know/have’ approach, is not the only reason why some hospitals have been slow to adopt wireless technology. Some specifiers are still reluctant to trust the signal integrity of wireless systems… concerns which are unfounded. Today’s wireless systems are installed with radio redundancy built into the system and are custom-designed for each individual hospital environment. Signal strength can be

increased to suit the specific layout of each individual hospital using signal boosters that receive signals and send them back out. This is even true in hospital environments where there are long corridors, because the supplier will always design sufficient boosters into the system to exceed the hospital’s maximum requirements. There is sometimes also a mistaken belief

The chosen system should fit the individual hospital’s needs and, in the UK, it should also conform to HTM 08-03 requirements.

that wireless nurse call systems could interfere with sensitive electronic medical equipment such as monitors, or communication networks. However, these fears are similarly unjustified because contemporary wireless systems can guarantee zero interference with other electronic equipment in the hospital. This complies with HTM 08-03, which

clearly states: ‘The audio and visual signals should not interfere, or cause operational difficulties, with other systems such as fire alarm systems, IT or telecommunication networks.’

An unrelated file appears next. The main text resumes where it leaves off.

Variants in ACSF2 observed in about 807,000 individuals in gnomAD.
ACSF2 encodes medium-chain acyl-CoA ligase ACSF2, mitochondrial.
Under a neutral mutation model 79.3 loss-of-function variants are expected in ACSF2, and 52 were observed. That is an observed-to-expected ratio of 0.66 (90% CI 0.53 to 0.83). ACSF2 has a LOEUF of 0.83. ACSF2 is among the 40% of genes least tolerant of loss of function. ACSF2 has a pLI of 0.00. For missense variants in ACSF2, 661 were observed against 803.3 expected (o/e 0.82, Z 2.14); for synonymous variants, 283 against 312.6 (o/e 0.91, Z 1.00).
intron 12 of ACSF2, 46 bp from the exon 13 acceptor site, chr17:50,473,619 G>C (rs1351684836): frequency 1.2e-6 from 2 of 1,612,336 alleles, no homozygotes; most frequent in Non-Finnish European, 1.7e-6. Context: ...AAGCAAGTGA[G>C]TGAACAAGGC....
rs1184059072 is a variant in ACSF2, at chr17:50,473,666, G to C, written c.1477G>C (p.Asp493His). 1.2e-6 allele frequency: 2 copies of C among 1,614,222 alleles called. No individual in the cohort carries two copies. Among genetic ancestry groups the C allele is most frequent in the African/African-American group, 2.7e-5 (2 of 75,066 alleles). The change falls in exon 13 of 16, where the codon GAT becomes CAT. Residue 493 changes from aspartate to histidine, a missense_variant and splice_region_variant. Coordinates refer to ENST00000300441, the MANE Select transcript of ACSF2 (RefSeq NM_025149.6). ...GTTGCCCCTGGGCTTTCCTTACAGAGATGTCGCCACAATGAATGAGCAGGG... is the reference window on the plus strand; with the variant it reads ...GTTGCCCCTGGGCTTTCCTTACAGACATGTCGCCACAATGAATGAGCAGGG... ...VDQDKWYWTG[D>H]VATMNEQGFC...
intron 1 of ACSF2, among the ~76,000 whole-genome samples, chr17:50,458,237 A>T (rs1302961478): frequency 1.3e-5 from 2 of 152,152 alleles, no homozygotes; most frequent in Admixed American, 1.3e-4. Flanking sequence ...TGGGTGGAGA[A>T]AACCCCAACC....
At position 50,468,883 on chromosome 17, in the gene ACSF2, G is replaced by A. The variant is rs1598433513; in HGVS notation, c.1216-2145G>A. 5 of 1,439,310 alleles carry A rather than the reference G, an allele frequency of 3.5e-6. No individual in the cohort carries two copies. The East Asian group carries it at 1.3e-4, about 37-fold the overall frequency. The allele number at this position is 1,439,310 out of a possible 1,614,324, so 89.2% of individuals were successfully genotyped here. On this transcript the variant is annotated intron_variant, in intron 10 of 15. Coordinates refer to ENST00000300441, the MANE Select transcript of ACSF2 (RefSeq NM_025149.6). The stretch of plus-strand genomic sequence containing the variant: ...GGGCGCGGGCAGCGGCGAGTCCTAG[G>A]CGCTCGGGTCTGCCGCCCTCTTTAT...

Quality counts It should be ensured that the type of system specified should fit the individual hospital’s needs and, in the UK, it should also conform to all HTM 08-03 requirements. One of the misconceptions commonly used to discount

‘Some specifiers are still reluctant to trust the signal integrity of wireless systems… concerns which are unfounded.’

wireless nurse call products is that they do not incorporate a lamps system to lead nursing staff to the call or alert staff that a call button has been pressed when they are away from the nurses’ station. In the future, such lamp systems may no

longer be essential as advanced nurse call systems – both wired and wireless – can now be integrated with pagers, DECT telephones or smart phones to ensure that nurses are aware of a call whatever their location, and there has been significant interest in this from specifiers. However, traditional lamps and call

acknowledgement at the bedhead is currently specified as standard and wireless systems can comply with this requirement. Courtney- Thorne’s over door lamp, for example, has multiple call levels indicated by colour, using wireless radio technology. This helps nurses to prioritise calls.

Management data From assessing staffing level requirements for rotas to substantiating response times in negligence cases, management data has become a key tool for hospital management teams and this can now be accessed using either wired or wireless technology. It is another area that is clearly outlined

in the HTM 08-03 guidance, which states that ‘Nurse-call systems should be designed to be resilient, fault-tolerant and easy to maintain. It should be possible for the system to log all of the calls/events and provide detailed history reports when required.’